Hugo Award-winning author Elizabeth Bear returns with the stunning conclusion to her acclaimed epic fantasy trilogy, the Lotus Kingdoms.
The Lotus Kingdoms are at war, with four claimants to the sorcerous throne of the Alchemical Emperor, fielding three armies between them. Alliances are made, and broken, many times over—but in the end, only one can sit on the throne. And that one must have not only the power, but the rightful claim.
The Rajni Mrithuri stands as the chief claimant to the Alchemical throne now, but she and her empire remain a prize to be taken unless she gets an heir. She has her allies–her cousin Sayeh, a dragon, a foreign wizard, a fearsome automaton, and the Dead Man–but the throne has the final say. And if it rejects her, the price is death.
Please enjoy this free excerpt of The Origin of Storms by Elizabeth Bear, on sale 05/24/22.
The queen of a murdered city stood over the cooling body of her enemy and tried to think what to do.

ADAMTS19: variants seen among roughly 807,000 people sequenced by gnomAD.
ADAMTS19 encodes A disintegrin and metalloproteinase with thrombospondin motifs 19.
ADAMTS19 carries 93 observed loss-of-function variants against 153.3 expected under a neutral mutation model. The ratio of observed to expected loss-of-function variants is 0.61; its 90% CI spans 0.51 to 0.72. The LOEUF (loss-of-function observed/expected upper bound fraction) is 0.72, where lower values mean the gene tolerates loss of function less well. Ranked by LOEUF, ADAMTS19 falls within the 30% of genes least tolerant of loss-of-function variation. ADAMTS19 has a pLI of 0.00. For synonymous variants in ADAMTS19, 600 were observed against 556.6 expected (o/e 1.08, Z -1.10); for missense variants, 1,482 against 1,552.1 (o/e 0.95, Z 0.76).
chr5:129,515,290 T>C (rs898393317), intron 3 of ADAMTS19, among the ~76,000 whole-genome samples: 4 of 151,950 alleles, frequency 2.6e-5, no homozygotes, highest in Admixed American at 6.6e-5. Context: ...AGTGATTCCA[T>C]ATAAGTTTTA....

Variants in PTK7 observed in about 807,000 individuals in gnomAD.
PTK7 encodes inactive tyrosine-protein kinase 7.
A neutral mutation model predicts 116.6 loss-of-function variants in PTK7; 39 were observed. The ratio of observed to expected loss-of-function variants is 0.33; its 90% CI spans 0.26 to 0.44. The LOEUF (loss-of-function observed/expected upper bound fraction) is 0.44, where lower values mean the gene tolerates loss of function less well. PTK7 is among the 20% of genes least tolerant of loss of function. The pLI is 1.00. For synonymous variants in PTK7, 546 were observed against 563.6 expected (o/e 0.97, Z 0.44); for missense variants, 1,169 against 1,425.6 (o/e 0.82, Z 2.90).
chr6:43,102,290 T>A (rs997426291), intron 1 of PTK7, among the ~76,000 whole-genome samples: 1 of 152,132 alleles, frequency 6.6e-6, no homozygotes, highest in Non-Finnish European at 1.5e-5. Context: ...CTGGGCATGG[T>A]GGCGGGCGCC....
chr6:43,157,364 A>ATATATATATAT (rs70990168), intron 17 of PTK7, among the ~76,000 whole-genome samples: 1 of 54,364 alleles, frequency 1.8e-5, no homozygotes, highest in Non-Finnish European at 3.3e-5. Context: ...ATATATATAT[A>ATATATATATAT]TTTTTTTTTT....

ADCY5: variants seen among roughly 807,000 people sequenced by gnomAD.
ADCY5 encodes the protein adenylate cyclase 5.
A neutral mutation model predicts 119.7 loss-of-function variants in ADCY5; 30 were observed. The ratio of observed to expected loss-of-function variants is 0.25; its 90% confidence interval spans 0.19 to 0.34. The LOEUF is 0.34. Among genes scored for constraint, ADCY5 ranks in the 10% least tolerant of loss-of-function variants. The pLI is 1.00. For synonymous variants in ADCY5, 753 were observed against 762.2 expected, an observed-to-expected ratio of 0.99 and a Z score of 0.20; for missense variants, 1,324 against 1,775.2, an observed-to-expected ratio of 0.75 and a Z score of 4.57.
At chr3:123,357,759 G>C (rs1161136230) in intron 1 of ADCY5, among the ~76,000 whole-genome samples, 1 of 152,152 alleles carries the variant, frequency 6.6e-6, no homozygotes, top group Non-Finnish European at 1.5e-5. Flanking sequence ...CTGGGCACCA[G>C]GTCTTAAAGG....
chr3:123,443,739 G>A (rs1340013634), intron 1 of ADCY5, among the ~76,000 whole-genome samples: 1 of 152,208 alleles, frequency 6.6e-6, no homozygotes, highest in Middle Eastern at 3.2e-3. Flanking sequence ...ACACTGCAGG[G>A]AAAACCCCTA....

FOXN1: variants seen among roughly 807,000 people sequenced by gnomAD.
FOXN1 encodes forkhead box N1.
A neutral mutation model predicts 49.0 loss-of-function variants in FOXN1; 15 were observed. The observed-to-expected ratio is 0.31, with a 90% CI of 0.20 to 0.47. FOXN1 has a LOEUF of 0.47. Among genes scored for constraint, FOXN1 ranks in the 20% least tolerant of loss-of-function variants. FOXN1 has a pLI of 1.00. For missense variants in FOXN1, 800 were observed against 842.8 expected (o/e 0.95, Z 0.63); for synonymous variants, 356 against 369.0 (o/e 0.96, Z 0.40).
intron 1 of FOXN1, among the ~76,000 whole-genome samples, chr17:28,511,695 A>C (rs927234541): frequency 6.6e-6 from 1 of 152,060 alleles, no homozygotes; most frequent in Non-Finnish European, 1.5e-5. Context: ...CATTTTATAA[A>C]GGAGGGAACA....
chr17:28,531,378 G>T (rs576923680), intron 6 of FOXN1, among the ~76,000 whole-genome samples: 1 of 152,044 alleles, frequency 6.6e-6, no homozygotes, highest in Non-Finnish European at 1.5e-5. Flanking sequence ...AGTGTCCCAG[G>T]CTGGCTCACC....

This was not Sayeh Rajni’s land. These were not Sayeh Rajni’s people. There was an army here within the walls and it was not Sayeh Rajni’s army.
Neither did the army without the walls belong to her. And yet here she was, more or less in charge of that land, those people, and both of the armies.
The army inside the walls of Sarathai-tia had been commanded by Anuraja, the ambitious old narcissist whose corpse she was washing with more respect than he had ever accorded to anyone. The army outside owed allegiance to Mrithuri, the young queen he had married against her will, whose city this was. Who now lay unconscious in her bed, protected by an armed guard.
Beyond the windows, dawn was falling, but any texture of the fading light was erased by clouds and curtains of rain. Within, Sayeh’s hands guided a cloth redolent of sandalwood and soap over the body. It was not the first corpse she had washed in her life.
It was by far the most satisfying.
She was already looking forward to the next one.
This is an elegant pickle I’ve gotten myself into. Sayeh stood with a crutch propped into her armpit, taking the strain off her healing leg. She was standing on it, however, and that was another victory. One almost as satisfying as the death of Anuraja.
She’d beaten one enemy. But the other still held her son Drupada hostage, having claimed Drupada as his own heir. Sayeh had improved her position and gathered resources. She was no longer captive herself. She was reliant on the goodwill of Mrithuri, who was now—after a fashion—the Dowager Empress of Sarathai-tia and Sarathai-lae.